40 years later and 'E.T.: The Extra-Terrestrial' is still great
What would the world be like without the alien E.T.? Realizing that Steven Spielberg’s filmography has extended for decades and that he is responsible for classics such as Schindler's List, Saving Private Ryan, and Jaws, one could argue that the director’s magnum opus was and remains to be 1982’s E.T.: The Extra Terrestrial. Admittedly, everyone's mind is on West Side Story, but it's time to look back at the director's crowning achievement in film.
The story centers around a misunderstood young boy named Elliot who befriends a kind-hearted alien life-form from a distant planet who is left behind by his alien race and alone in San Fernando Valley. Both characters are viewed as outsiders and rely on each other for companionship.
That all changes when the U.S. government becomes involved and hunts down the alien for further study. E.T. is eventually caught and experimented on, seemingly dying on the operating table. It’s only when Elliot mourns over his body that the friendly alien comes back to life.
The story is a heart-warming assessment of friends and understanding people even when they look différent. It opened the doors to science-fiction and fantasy that encapsulated movie magic for generations to come, and in 1994, it was added to the National Film Registry of the Library of Congress. All of that makes for a good film, but the accolades are not all the film has to offer in terms of the legacy that it has left behind.
Here is a case explaining why the film is still great to this day.
Note: This article reflects the author's views.
Why E.T. is still excellent
1) There is heart to the alien
What’s truly magnificent to behold is the heart of the film itself. It uses a simple storyline of a young socially outcast boy who finds a companion in an out-of-this-world specimen who feels lost in the world himself. It would only make sense that the two characters would form a bonding relationship.
Understanding that this simple synopsis measures up to be most of the film, it saddens audiences when seeing Elliot’s alien friend leave for his home planet as he finally got to “phone home”. It’s so powerful when looking at these two characters as Elliot asks E.T. to stay and E.T. asks his human friend to come. What makes the scenes move mountains in filmmaking is the fact that saying so little conveys the trials and tribulations that the two have been through, coupled with the excellent cinematography.
The two realize that they can’t have their cake and eat it too and when E.T. utters the famous words “I’ll… be…. right…. here,” the audience almost cannot contain their emotions as the alien boards his ship to leave Earth for good.
2) Aliens aren't all bad
One thing that truly makes this film stand out among the crowd is the fact that the aliens in the film are friendly and they never once tried to take over the world or enslave all of humanity. Movies like Mars Attacks!, War of the Worlds, and Cowboys & Aliens have given audiences a look at aliens trying to take over Earth in the most horrific way possible, but E.T. isn’t an acrimonious alien who vents his rage out on Earthlings. He’s an alien that got lost and simply wants to get back home.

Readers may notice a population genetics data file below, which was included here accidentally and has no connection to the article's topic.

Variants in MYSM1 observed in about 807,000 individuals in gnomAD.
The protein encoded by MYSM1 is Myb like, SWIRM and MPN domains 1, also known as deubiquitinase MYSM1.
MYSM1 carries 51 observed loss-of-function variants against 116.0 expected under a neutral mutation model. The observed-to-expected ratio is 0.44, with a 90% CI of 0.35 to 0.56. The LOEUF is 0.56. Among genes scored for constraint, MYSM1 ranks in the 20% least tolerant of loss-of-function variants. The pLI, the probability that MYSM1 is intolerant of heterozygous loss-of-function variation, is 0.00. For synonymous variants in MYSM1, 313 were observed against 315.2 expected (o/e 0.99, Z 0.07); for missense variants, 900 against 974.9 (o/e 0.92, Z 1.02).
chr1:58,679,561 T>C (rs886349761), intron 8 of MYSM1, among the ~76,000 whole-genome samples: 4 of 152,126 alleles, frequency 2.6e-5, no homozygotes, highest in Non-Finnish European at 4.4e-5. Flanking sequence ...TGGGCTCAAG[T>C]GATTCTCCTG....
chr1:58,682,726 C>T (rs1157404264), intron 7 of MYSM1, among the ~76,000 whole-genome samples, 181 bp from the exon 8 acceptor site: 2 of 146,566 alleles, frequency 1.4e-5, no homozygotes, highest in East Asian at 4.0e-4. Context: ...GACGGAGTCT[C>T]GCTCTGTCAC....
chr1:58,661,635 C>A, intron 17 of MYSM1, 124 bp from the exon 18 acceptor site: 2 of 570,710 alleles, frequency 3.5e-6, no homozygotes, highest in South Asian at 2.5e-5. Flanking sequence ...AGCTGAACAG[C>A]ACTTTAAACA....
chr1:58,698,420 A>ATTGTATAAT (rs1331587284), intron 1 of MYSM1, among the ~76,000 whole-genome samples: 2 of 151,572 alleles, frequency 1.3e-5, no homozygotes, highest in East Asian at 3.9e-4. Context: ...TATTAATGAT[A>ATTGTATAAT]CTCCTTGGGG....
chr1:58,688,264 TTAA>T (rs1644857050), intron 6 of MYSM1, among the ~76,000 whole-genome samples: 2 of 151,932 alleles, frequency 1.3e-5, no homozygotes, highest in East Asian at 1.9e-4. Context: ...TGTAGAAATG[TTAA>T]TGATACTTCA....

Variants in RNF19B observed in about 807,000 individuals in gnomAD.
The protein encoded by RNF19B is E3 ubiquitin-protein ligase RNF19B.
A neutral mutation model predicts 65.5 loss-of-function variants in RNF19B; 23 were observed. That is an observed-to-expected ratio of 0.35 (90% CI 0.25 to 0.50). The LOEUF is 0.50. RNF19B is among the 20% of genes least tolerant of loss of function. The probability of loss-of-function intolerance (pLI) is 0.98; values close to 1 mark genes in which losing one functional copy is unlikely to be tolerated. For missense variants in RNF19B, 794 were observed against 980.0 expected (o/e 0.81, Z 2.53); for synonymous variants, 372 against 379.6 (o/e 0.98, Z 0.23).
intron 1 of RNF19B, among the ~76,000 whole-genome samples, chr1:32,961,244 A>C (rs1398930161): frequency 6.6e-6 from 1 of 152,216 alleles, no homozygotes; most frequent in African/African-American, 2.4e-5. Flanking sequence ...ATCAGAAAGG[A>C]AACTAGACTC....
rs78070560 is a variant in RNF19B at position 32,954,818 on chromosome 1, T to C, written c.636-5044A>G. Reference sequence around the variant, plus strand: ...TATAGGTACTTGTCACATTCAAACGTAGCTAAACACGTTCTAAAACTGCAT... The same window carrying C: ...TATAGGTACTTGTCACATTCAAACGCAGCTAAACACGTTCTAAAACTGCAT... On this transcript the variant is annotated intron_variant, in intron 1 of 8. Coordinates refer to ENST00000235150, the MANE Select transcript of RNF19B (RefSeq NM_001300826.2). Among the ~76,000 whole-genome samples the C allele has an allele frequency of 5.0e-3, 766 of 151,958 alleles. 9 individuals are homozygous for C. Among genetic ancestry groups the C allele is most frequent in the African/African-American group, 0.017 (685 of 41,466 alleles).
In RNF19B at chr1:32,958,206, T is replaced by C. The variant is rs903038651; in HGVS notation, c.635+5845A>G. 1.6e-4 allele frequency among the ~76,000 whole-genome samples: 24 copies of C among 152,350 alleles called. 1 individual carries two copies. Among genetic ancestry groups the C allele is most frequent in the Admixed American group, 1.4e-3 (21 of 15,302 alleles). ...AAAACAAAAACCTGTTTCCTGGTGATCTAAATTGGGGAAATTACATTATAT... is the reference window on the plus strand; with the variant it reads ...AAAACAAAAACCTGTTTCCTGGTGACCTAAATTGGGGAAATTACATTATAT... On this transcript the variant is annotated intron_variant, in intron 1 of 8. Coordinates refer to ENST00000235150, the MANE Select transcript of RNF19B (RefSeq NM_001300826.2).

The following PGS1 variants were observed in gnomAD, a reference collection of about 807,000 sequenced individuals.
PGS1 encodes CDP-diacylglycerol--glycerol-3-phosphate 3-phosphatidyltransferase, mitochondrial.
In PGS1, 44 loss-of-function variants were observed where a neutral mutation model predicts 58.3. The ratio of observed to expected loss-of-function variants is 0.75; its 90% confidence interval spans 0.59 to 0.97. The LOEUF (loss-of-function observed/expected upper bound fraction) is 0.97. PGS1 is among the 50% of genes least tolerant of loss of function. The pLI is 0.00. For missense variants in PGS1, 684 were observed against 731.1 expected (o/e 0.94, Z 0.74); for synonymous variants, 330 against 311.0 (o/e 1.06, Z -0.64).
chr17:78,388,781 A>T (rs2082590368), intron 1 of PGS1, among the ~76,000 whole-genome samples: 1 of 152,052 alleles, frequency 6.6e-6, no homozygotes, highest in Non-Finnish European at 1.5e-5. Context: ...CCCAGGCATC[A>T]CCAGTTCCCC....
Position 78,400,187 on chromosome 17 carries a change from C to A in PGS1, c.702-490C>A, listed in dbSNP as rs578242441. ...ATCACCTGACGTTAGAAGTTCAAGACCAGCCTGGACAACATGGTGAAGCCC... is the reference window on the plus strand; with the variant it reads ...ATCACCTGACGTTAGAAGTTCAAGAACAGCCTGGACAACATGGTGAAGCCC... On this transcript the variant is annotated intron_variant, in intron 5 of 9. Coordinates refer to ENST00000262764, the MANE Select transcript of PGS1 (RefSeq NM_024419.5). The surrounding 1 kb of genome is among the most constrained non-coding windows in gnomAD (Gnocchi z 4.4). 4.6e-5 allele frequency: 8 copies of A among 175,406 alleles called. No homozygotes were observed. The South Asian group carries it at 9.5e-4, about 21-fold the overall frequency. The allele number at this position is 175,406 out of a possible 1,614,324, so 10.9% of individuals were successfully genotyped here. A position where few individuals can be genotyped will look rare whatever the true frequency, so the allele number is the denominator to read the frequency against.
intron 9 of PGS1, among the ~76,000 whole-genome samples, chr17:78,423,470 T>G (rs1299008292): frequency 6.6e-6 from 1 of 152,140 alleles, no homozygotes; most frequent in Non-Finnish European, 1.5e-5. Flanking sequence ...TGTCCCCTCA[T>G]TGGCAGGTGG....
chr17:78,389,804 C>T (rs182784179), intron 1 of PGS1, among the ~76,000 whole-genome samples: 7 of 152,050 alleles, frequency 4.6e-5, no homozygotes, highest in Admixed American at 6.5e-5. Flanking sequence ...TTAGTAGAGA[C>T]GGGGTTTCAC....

Spielberg breaks out of the campy doldrums and stereotypes of destructive aliens that took center stage in the 1950s and so on. This is what also makes the character E.T. stand out to audiences. He is a cute, lovable, innocent creature that is just as scared of humans as they are of him. Understanding that about the adorable alien gives him a multi-dimensional personality that makes him seem more human.
3) Practical effects dominate
Given the fact that the film was released in 1982 and CGI was in the infant stages of development, practical effects were mainstay in the film. Nowadays, CGI would be an inevitability. However, the film has a sense of timelessness to it as E.T. himself was basically a puppet created practically and is real in both the eyes of the audience and on set.
CGI is a great tool for filmmaking. In the present day, the tech has expanded to getting a character right down to the last fiber and hair of the CG model. However, CG has its limitations, and sometimes using a practical puppet rather than a model may be more effective in creating something that appeals to audiences.
Also on the production side of things, having a practical puppet may be more cost-effective and less of a hassle to blend into the environment than using a CG model where VFX supervisors are tasked with matching and compositing the light and shadows of the character through the computer.
The film, nevertheless, remains a timeless classic that has broken ground in cinema and became yet another juggernaut in Steven Spielberg’s filmography. Years from now, it will still be a classic for people to enjoy across the globe.